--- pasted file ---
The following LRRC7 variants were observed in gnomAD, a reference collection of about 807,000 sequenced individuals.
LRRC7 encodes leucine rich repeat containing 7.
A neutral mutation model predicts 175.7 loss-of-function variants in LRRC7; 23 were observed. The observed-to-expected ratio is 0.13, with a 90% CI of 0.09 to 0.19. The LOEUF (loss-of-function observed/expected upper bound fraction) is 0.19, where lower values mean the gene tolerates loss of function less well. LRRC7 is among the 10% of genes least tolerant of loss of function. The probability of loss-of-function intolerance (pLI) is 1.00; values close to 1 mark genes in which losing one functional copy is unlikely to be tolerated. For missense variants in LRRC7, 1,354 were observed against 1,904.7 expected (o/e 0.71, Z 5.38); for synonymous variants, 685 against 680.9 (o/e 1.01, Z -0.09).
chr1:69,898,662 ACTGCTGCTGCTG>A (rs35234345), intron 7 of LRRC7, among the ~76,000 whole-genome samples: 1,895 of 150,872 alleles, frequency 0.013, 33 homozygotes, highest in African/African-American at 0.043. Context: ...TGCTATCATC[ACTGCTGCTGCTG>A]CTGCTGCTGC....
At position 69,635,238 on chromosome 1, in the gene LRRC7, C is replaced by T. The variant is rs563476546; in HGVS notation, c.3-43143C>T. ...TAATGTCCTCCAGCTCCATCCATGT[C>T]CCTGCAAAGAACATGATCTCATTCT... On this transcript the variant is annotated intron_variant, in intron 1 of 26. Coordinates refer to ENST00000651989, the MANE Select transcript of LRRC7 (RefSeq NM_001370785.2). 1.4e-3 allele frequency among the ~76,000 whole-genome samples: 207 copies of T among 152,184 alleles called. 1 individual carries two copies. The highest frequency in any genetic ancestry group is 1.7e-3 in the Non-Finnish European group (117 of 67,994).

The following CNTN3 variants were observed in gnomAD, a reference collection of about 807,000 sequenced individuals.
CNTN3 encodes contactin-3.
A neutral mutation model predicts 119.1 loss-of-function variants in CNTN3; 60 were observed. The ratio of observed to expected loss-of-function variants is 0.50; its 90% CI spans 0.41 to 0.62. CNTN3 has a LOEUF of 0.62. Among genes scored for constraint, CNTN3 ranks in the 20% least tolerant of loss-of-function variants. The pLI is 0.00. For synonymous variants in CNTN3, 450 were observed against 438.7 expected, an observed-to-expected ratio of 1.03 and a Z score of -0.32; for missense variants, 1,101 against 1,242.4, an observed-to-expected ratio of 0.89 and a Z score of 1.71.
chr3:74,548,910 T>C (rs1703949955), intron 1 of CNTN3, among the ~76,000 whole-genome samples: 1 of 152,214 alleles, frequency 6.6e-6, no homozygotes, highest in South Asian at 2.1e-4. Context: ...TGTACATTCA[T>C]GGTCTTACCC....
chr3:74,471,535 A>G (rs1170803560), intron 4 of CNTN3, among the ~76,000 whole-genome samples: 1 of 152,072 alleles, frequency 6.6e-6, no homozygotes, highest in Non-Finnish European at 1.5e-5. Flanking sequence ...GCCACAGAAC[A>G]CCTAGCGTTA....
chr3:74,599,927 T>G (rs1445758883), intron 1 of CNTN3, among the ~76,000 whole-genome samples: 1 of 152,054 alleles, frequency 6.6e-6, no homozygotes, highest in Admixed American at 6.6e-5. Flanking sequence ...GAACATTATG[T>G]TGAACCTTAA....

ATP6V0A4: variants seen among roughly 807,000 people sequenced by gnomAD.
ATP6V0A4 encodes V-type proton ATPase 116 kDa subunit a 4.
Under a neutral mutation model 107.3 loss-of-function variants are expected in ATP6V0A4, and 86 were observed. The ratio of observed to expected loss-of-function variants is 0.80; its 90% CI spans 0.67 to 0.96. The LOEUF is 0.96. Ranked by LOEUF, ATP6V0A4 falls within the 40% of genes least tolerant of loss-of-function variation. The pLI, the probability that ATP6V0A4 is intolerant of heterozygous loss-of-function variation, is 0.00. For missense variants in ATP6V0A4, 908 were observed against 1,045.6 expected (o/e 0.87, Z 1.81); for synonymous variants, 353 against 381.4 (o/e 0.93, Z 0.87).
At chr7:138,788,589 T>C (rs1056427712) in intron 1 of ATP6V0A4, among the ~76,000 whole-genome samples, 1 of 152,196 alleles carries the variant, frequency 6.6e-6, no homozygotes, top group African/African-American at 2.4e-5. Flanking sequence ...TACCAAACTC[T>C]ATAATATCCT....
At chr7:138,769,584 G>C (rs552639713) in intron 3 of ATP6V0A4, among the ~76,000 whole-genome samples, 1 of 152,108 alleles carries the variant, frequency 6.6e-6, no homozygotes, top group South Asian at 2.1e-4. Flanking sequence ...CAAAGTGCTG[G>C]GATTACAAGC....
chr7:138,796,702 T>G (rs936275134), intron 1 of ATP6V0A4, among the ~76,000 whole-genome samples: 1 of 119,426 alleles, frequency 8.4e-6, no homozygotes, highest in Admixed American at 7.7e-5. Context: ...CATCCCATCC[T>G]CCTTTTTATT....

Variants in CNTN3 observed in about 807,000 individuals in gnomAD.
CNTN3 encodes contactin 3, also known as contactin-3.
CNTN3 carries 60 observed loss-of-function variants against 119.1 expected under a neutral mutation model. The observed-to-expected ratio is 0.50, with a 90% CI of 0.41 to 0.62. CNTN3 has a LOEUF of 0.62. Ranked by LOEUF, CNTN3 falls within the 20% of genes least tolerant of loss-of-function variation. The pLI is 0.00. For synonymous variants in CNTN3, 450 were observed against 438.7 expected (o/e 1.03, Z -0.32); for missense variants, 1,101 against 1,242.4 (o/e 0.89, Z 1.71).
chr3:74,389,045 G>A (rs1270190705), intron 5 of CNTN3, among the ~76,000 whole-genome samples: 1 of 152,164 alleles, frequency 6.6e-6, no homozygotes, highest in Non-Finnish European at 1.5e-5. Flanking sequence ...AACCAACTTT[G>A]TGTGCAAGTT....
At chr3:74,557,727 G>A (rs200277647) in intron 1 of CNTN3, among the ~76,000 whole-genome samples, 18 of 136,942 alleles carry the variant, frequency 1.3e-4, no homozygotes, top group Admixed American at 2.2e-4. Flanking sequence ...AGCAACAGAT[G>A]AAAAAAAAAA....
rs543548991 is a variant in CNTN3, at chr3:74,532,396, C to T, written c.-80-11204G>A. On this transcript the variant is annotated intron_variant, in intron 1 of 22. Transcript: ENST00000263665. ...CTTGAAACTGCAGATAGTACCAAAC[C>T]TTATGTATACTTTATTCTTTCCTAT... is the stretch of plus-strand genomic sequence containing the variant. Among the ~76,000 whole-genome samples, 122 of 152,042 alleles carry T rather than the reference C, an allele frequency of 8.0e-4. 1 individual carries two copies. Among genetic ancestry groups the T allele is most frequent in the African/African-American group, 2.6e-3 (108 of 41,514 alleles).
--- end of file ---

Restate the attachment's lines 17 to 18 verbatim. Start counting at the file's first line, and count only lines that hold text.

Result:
chr7:138,796,702 T>G (rs936275134), intron 1 of ATP6V0A4, among the ~76,000 whole-genome samples: 1 of 119,426 alleles, frequency 8.4e-6, no homozygotes, highest in Admixed American at 7.7e-5. Context: ...CATCCCATCC[T>G]CCTTTTTATT....

Variants in CNTN3 observed in about 807,000 individuals in gnomAD.